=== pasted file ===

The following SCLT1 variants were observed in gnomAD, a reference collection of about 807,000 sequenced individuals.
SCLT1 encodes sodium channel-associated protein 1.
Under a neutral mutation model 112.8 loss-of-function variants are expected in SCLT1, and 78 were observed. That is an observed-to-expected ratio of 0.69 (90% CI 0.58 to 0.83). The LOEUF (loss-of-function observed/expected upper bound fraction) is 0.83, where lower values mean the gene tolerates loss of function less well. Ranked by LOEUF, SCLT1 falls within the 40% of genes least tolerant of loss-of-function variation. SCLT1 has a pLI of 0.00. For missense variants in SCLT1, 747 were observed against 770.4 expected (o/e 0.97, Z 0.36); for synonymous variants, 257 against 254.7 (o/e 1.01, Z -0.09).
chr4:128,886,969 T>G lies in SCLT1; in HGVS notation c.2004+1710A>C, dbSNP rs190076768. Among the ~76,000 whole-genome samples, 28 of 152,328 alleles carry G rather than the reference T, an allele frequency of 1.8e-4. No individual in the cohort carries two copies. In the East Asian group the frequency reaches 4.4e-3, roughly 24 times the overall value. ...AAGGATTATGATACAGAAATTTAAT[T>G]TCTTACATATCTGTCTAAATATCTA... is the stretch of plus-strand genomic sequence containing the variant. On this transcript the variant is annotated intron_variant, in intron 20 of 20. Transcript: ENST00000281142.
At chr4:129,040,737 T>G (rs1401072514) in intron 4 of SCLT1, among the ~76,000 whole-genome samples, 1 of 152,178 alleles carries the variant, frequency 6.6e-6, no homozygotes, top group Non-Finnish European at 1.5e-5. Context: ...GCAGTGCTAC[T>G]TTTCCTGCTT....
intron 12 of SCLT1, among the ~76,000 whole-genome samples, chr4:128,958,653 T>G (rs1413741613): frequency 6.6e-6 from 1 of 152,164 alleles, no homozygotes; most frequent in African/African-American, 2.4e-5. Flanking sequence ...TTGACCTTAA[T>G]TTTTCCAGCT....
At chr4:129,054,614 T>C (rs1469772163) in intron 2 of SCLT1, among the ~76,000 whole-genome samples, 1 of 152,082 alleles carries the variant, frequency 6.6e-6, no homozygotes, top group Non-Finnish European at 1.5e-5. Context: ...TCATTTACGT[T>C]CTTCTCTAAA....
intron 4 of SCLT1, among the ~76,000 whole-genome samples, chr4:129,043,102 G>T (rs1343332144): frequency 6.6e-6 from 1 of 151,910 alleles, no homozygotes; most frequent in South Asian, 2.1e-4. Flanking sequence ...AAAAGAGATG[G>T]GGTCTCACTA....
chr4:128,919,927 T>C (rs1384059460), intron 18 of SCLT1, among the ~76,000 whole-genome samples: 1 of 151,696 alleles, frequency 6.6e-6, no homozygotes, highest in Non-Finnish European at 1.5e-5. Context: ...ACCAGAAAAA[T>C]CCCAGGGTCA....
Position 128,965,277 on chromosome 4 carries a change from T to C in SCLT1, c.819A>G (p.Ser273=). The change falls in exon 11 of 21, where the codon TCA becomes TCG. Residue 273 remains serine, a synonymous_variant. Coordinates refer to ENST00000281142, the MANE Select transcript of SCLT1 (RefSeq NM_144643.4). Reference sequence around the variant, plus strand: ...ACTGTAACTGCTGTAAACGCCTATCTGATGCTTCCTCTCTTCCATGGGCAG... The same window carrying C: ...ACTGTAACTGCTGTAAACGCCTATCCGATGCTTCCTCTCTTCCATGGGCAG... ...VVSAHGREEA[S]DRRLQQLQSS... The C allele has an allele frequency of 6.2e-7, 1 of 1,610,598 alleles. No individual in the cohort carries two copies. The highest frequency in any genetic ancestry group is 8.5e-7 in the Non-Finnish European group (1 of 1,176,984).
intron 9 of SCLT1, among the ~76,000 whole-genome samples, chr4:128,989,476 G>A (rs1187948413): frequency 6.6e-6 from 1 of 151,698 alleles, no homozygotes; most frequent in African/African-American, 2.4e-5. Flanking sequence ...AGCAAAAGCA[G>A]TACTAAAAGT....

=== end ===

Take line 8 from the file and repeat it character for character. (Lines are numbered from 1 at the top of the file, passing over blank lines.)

intron 4 of SCLT1, among the ~76,000 whole-genome samples, chr4:129,043,102 G>T (rs1343332144): frequency 6.6e-6 from 1 of 151,910 alleles, no homozygotes; most frequent in South Asian, 2.1e-4. Flanking sequence ...AAAAGAGATG[G>T]GGTCTCACTA....